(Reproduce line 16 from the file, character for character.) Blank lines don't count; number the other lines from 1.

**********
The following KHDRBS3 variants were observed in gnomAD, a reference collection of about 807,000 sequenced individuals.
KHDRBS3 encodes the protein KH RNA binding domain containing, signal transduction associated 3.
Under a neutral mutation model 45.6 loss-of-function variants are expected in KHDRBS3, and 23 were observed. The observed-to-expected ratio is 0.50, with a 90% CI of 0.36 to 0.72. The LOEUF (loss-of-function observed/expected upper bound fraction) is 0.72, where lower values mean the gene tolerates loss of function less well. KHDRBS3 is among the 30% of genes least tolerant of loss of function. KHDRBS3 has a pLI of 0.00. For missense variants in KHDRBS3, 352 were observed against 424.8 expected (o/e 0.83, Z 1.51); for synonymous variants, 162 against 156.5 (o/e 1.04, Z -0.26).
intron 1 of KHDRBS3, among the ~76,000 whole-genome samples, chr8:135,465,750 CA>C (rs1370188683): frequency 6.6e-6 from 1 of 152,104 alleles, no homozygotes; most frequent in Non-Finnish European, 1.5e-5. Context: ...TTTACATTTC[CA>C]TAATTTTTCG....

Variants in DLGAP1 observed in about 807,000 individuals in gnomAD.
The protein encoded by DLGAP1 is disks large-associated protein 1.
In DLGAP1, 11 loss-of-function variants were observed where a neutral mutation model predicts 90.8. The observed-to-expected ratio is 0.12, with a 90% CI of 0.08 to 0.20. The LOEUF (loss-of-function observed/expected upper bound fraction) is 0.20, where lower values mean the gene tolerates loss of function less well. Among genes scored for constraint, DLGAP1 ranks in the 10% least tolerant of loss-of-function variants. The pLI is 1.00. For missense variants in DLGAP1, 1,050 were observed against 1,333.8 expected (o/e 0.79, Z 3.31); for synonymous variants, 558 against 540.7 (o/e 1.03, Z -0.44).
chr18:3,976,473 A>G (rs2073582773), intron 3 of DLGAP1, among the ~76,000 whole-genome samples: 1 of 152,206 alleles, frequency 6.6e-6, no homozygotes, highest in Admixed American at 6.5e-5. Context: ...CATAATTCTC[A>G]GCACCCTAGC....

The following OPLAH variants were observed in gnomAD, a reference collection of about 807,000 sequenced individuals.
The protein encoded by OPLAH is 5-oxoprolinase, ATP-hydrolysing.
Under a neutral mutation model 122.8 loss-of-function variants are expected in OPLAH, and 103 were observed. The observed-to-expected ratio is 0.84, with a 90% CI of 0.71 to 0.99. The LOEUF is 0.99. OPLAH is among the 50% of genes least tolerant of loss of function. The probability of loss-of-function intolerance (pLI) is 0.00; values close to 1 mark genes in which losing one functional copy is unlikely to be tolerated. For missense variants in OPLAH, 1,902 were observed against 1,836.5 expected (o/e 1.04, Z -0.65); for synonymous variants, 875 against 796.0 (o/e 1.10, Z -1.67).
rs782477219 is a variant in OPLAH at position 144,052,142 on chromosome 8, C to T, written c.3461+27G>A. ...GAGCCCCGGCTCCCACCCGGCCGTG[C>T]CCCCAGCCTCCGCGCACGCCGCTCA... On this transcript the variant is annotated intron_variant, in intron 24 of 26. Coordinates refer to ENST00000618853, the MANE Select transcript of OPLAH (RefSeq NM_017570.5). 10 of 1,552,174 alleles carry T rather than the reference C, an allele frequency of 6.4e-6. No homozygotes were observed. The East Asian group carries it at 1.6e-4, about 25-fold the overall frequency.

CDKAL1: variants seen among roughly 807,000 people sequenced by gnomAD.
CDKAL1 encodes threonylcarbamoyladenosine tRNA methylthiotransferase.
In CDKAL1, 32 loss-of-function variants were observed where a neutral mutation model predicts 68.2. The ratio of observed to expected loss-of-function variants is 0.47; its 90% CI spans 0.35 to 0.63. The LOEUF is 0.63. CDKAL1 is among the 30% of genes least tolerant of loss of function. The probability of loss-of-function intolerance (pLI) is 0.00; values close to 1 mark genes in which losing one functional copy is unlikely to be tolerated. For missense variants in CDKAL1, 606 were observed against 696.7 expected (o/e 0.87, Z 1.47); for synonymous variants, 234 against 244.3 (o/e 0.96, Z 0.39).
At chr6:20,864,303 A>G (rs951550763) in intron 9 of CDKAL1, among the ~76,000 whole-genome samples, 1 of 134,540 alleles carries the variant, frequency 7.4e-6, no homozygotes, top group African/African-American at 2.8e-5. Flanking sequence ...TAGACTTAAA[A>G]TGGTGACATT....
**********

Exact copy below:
At chr6:20,864,303 A>G (rs951550763) in intron 9 of CDKAL1, among the ~76,000 whole-genome samples, 1 of 134,540 alleles carries the variant, frequency 7.4e-6, no homozygotes, top group African/African-American at 2.8e-5. Flanking sequence ...TAGACTTAAA[A>G]TGGTGACATT....